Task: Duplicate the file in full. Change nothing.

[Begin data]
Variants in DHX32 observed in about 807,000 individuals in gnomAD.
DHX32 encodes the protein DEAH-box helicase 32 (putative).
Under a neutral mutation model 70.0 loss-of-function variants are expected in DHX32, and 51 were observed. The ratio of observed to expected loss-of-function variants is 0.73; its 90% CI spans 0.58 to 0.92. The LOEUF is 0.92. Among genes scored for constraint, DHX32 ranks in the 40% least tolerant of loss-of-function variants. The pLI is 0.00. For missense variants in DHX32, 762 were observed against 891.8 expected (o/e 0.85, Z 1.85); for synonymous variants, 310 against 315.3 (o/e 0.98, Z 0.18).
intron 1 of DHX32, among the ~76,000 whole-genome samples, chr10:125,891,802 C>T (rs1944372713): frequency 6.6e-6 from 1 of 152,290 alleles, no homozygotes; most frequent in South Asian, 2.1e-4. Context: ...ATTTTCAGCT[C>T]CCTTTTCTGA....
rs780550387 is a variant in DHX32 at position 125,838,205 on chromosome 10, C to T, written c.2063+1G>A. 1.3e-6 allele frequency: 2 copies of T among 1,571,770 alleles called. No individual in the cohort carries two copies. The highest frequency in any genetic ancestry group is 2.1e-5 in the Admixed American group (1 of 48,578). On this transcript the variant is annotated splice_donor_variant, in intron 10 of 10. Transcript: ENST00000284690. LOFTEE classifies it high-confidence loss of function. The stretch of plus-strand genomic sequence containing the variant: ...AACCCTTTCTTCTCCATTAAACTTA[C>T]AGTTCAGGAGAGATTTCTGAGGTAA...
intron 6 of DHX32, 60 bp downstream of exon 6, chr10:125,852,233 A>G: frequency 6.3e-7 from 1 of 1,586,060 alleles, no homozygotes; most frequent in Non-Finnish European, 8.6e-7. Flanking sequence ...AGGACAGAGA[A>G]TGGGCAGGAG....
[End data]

Variants in DHX32 observed in about 807,000 individuals in gnomAD.
DHX32 encodes the protein DEAH-box helicase 32 (putative).
Under a neutral mutation model 70.0 loss-of-function variants are expected in DHX32, and 51 were observed. The ratio of observed to expected loss-of-function variants is 0.73; its 90% CI spans 0.58 to 0.92. The LOEUF is 0.92. Among genes scored for constraint, DHX32 ranks in the 40% least tolerant of loss-of-function variants. The pLI is 0.00. For missense variants in DHX32, 762 were observed against 891.8 expected (o/e 0.85, Z 1.85); for synonymous variants, 310 against 315.3 (o/e 0.98, Z 0.18).
intron 1 of DHX32, among the ~76,000 whole-genome samples, chr10:125,891,802 C>T (rs1944372713): frequency 6.6e-6 from 1 of 152,290 alleles, no homozygotes; most frequent in South Asian, 2.1e-4. Context: ...ATTTTCAGCT[C>T]CCTTTTCTGA....
rs780550387 is a variant in DHX32 at position 125,838,205 on chromosome 10, C to T, written c.2063+1G>A. 1.3e-6 allele frequency: 2 copies of T among 1,571,770 alleles called. No individual in the cohort carries two copies. The highest frequency in any genetic ancestry group is 2.1e-5 in the Admixed American group (1 of 48,578). On this transcript the variant is annotated splice_donor_variant, in intron 10 of 10. Transcript: ENST00000284690. LOFTEE classifies it high-confidence loss of function. The stretch of plus-strand genomic sequence containing the variant: ...AACCCTTTCTTCTCCATTAAACTTA[C>T]AGTTCAGGAGAGATTTCTGAGGTAA...
intron 6 of DHX32, 60 bp downstream of exon 6, chr10:125,852,233 A>G: frequency 6.3e-7 from 1 of 1,586,060 alleles, no homozygotes; most frequent in Non-Finnish European, 8.6e-7. Flanking sequence ...AGGACAGAGA[A>G]TGGGCAGGAG....